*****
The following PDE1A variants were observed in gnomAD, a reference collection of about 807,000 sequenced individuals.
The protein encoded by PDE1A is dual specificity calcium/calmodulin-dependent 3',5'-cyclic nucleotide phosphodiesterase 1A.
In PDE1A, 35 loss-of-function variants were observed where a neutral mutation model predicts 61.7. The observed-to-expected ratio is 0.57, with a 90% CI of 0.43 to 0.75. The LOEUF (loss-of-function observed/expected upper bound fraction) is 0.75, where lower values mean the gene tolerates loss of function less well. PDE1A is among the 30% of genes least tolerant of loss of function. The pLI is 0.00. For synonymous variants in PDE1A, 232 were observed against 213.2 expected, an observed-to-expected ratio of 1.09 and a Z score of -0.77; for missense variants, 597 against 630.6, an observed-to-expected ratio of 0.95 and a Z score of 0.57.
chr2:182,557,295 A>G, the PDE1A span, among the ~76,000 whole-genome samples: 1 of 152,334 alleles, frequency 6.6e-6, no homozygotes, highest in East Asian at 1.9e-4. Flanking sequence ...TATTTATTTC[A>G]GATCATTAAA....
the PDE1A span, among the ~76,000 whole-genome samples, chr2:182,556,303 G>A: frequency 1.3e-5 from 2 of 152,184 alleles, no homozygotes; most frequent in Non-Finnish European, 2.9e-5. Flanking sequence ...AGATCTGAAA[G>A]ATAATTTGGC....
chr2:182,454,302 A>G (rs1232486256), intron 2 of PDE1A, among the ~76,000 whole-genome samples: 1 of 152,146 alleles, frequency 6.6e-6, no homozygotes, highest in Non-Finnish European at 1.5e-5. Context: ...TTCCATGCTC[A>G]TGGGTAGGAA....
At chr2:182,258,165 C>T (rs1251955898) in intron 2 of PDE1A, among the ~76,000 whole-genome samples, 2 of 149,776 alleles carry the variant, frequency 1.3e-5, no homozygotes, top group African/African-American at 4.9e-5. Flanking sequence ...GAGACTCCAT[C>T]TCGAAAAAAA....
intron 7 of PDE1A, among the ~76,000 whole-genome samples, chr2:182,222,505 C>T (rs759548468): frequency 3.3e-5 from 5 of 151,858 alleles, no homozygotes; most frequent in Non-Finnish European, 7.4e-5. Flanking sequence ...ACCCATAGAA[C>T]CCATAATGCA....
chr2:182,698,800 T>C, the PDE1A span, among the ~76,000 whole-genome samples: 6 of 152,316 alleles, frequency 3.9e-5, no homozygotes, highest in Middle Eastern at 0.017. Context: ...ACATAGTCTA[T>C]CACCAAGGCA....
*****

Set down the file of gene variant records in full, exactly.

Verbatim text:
The following PDE1A variants were observed in gnomAD, a reference collection of about 807,000 sequenced individuals.
The protein encoded by PDE1A is dual specificity calcium/calmodulin-dependent 3',5'-cyclic nucleotide phosphodiesterase 1A.
In PDE1A, 35 loss-of-function variants were observed where a neutral mutation model predicts 61.7. The observed-to-expected ratio is 0.57, with a 90% CI of 0.43 to 0.75. The LOEUF (loss-of-function observed/expected upper bound fraction) is 0.75, where lower values mean the gene tolerates loss of function less well. PDE1A is among the 30% of genes least tolerant of loss of function. The pLI is 0.00. For synonymous variants in PDE1A, 232 were observed against 213.2 expected, an observed-to-expected ratio of 1.09 and a Z score of -0.77; for missense variants, 597 against 630.6, an observed-to-expected ratio of 0.95 and a Z score of 0.57.
chr2:182,557,295 A>G, the PDE1A span, among the ~76,000 whole-genome samples: 1 of 152,334 alleles, frequency 6.6e-6, no homozygotes, highest in East Asian at 1.9e-4. Flanking sequence ...TATTTATTTC[A>G]GATCATTAAA....
the PDE1A span, among the ~76,000 whole-genome samples, chr2:182,556,303 G>A: frequency 1.3e-5 from 2 of 152,184 alleles, no homozygotes; most frequent in Non-Finnish European, 2.9e-5. Flanking sequence ...AGATCTGAAA[G>A]ATAATTTGGC....
chr2:182,454,302 A>G (rs1232486256), intron 2 of PDE1A, among the ~76,000 whole-genome samples: 1 of 152,146 alleles, frequency 6.6e-6, no homozygotes, highest in Non-Finnish European at 1.5e-5. Context: ...TTCCATGCTC[A>G]TGGGTAGGAA....
At chr2:182,258,165 C>T (rs1251955898) in intron 2 of PDE1A, among the ~76,000 whole-genome samples, 2 of 149,776 alleles carry the variant, frequency 1.3e-5, no homozygotes, top group African/African-American at 4.9e-5. Flanking sequence ...GAGACTCCAT[C>T]TCGAAAAAAA....
intron 7 of PDE1A, among the ~76,000 whole-genome samples, chr2:182,222,505 C>T (rs759548468): frequency 3.3e-5 from 5 of 151,858 alleles, no homozygotes; most frequent in Non-Finnish European, 7.4e-5. Flanking sequence ...ACCCATAGAA[C>T]CCATAATGCA....
chr2:182,698,800 T>C, the PDE1A span, among the ~76,000 whole-genome samples: 6 of 152,316 alleles, frequency 3.9e-5, no homozygotes, highest in Middle Eastern at 0.017. Context: ...ACATAGTCTA[T>C]CACCAAGGCA....